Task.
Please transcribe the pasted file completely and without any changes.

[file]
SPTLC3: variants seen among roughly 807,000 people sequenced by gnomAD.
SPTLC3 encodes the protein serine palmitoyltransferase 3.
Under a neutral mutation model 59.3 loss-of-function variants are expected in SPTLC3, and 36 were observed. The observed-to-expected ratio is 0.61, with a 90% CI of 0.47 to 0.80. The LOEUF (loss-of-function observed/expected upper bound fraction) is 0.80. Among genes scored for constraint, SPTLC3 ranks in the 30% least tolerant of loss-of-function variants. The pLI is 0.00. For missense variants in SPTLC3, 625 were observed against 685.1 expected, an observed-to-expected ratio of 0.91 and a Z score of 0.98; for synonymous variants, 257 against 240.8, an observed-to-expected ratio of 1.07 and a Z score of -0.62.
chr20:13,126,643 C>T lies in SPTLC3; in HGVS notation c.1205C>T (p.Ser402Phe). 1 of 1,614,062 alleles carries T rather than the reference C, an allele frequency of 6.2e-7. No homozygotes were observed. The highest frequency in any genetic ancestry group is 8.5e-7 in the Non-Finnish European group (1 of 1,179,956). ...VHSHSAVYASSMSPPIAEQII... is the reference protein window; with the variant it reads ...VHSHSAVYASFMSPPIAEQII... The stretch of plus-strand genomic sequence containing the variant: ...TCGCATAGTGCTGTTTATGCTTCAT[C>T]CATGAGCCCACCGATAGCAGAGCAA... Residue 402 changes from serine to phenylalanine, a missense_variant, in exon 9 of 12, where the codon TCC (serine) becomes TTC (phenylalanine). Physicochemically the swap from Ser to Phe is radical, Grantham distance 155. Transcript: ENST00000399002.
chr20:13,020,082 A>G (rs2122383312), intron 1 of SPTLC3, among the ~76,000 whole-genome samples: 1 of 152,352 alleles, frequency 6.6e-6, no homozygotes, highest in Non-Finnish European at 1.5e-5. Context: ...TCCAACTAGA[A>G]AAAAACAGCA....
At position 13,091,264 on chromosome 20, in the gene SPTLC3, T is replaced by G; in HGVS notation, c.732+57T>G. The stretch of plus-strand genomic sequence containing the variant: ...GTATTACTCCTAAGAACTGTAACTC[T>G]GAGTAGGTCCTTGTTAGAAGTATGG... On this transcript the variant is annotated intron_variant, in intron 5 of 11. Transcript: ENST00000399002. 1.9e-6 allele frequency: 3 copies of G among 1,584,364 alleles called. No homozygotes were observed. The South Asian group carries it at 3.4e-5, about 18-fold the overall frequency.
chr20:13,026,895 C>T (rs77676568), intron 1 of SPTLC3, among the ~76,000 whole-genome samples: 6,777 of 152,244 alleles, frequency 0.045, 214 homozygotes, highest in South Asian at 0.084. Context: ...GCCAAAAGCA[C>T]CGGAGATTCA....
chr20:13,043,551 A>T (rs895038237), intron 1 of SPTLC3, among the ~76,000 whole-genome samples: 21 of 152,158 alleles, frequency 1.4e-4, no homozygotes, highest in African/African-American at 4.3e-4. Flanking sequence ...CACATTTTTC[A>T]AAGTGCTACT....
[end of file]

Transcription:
SPTLC3: variants seen among roughly 807,000 people sequenced by gnomAD.
SPTLC3 encodes the protein serine palmitoyltransferase 3.
Under a neutral mutation model 59.3 loss-of-function variants are expected in SPTLC3, and 36 were observed. The observed-to-expected ratio is 0.61, with a 90% CI of 0.47 to 0.80. The LOEUF (loss-of-function observed/expected upper bound fraction) is 0.80. Among genes scored for constraint, SPTLC3 ranks in the 30% least tolerant of loss-of-function variants. The pLI is 0.00. For missense variants in SPTLC3, 625 were observed against 685.1 expected, an observed-to-expected ratio of 0.91 and a Z score of 0.98; for synonymous variants, 257 against 240.8, an observed-to-expected ratio of 1.07 and a Z score of -0.62.
chr20:13,126,643 C>T lies in SPTLC3; in HGVS notation c.1205C>T (p.Ser402Phe). 1 of 1,614,062 alleles carries T rather than the reference C, an allele frequency of 6.2e-7. No homozygotes were observed. The highest frequency in any genetic ancestry group is 8.5e-7 in the Non-Finnish European group (1 of 1,179,956). ...VHSHSAVYASSMSPPIAEQII... is the reference protein window; with the variant it reads ...VHSHSAVYASFMSPPIAEQII... The stretch of plus-strand genomic sequence containing the variant: ...TCGCATAGTGCTGTTTATGCTTCAT[C>T]CATGAGCCCACCGATAGCAGAGCAA... Residue 402 changes from serine to phenylalanine, a missense_variant, in exon 9 of 12, where the codon TCC (serine) becomes TTC (phenylalanine). Physicochemically the swap from Ser to Phe is radical, Grantham distance 155. Transcript: ENST00000399002.
chr20:13,020,082 A>G (rs2122383312), intron 1 of SPTLC3, among the ~76,000 whole-genome samples: 1 of 152,352 alleles, frequency 6.6e-6, no homozygotes, highest in Non-Finnish European at 1.5e-5. Context: ...TCCAACTAGA[A>G]AAAAACAGCA....
At position 13,091,264 on chromosome 20, in the gene SPTLC3, T is replaced by G; in HGVS notation, c.732+57T>G. The stretch of plus-strand genomic sequence containing the variant: ...GTATTACTCCTAAGAACTGTAACTC[T>G]GAGTAGGTCCTTGTTAGAAGTATGG... On this transcript the variant is annotated intron_variant, in intron 5 of 11. Transcript: ENST00000399002. 1.9e-6 allele frequency: 3 copies of G among 1,584,364 alleles called. No homozygotes were observed. The South Asian group carries it at 3.4e-5, about 18-fold the overall frequency.
chr20:13,026,895 C>T (rs77676568), intron 1 of SPTLC3, among the ~76,000 whole-genome samples: 6,777 of 152,244 alleles, frequency 0.045, 214 homozygotes, highest in South Asian at 0.084. Context: ...GCCAAAAGCA[C>T]CGGAGATTCA....
chr20:13,043,551 A>T (rs895038237), intron 1 of SPTLC3, among the ~76,000 whole-genome samples: 21 of 152,158 alleles, frequency 1.4e-4, no homozygotes, highest in African/African-American at 4.3e-4. Flanking sequence ...CACATTTTTC[A>T]AAGTGCTACT....